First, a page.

The housing market has been through a great deal in recent years, so much so that you have to admire its resilience. It takes its share of beatings, but somehow, it seems to keep coming back.
Encouraging signs from the Census Bureau's latest New Residential Sales report may indicate the beginning of yet another comeback for housing. Low mortgage rates and an improving job market could help housing take the next steps forward.
Housing Sales Turn the Corner
The Census Bureau reported that new homes were sold at an annual pace of 433,000 in April. This is an improvement over the March figure of 407,000, and represents a bit of a turnaround after the pace of new home sales had slowed in each of the prior two months. These figures are seasonally adjusted, so April's improvement was more than just the usual springtime recovery in house hunting.
With the pace of new home sales picking up, the inventory of new homes on the market shrank from 5.6 to 5.3 months' worth, which should help keep supply and demand more in balance and thus support pricing.
The resurgence in new home sales was especially strong in the Midwest, where the pace of sales was up by 47.4 percent for the month, and 35.5 percent year-over-year. The Northeast continues to struggle: it already had the slowest pace of new home sales of any region, and that pace dropped by 26.7 percent in April.
The struggles in the Northeast indicate that these are still hardly boom times for the housing market. In fact the national pace of home sales is down 4.2 percent from a year earlier, though it has improved by 22.3 percent over the past two years. Progress is being made, but in an inconsistent manner.
All in all, April's new home sales are a step in the right direction, but fall short of representing a robust recovery. The housing market will have to string together a few more months of improvement before this looks like a strong rally.
What Could Help the Rally Continue?
One month's results do not necessarily signal a trend, and new home sales figures are pretty erratic from month to month. So what reason is there to be encouraged by the latest Census report?
The context that puts this upturn in an especially positive light is that two recent economic developments should further support demand for housing:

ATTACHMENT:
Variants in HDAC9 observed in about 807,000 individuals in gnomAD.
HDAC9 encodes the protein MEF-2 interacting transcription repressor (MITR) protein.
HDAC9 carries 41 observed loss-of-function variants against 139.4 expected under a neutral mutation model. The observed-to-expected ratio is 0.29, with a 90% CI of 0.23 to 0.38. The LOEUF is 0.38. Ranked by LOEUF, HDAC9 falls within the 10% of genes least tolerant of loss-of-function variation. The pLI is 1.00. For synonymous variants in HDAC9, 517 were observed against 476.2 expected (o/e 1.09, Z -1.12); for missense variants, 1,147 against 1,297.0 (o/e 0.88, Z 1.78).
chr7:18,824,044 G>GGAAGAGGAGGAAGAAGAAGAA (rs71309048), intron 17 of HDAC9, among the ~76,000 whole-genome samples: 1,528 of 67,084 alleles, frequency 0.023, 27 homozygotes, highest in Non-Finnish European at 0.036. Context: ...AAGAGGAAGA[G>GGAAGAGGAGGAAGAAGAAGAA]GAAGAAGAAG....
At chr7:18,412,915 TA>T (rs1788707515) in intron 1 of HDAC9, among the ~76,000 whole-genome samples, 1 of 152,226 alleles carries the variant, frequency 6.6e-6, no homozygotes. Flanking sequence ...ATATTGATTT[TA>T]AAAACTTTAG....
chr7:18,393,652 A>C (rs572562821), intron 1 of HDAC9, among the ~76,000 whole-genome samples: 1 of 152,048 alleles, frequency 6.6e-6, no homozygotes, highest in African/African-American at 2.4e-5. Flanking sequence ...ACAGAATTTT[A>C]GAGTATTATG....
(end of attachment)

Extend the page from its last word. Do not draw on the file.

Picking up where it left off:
- Low mortgage rates. As of May 22, 30-year fixed mortgage rates had fallen to 4.14 percent, according to Freddie Mac. While not as low as the bottom mortgage rates reached in the spring of last year, 4.14 percent represents the lowest level for 30-year fixed mortgage rates since last October. It represents a drop of 34 basis points since the end of 2013, and a drop of 44 basis points since rates peaked last August. Low mortgage rates not only fuel new purchase demand, but they can also create refinancing opportunities that put more consumer spending into the economy.
- Job growth. Speaking of putting money into the economy, getting people back to work is one of the surest ways of making that happen. After all but collapsing at the end of last year, job creation seems to be hitting its stride again. The Bureau of Labor Statistics reported that 288,000 new jobs were created in April. This was the third straight month in which job creation exceeded 200,000, which represents a sustained improvement over the average of 190,000 new jobs over the past 12 months. More and healthier paychecks represent increased demand for housing in the long run.
It is too early to say whether April's upturn will turn into and extended rally - after all, the course of the housing market follows a lot of twists and turns. However, current home mortgage rates and the improvement in job growth may well give the housing market the support needed to keep new home sales moving upward.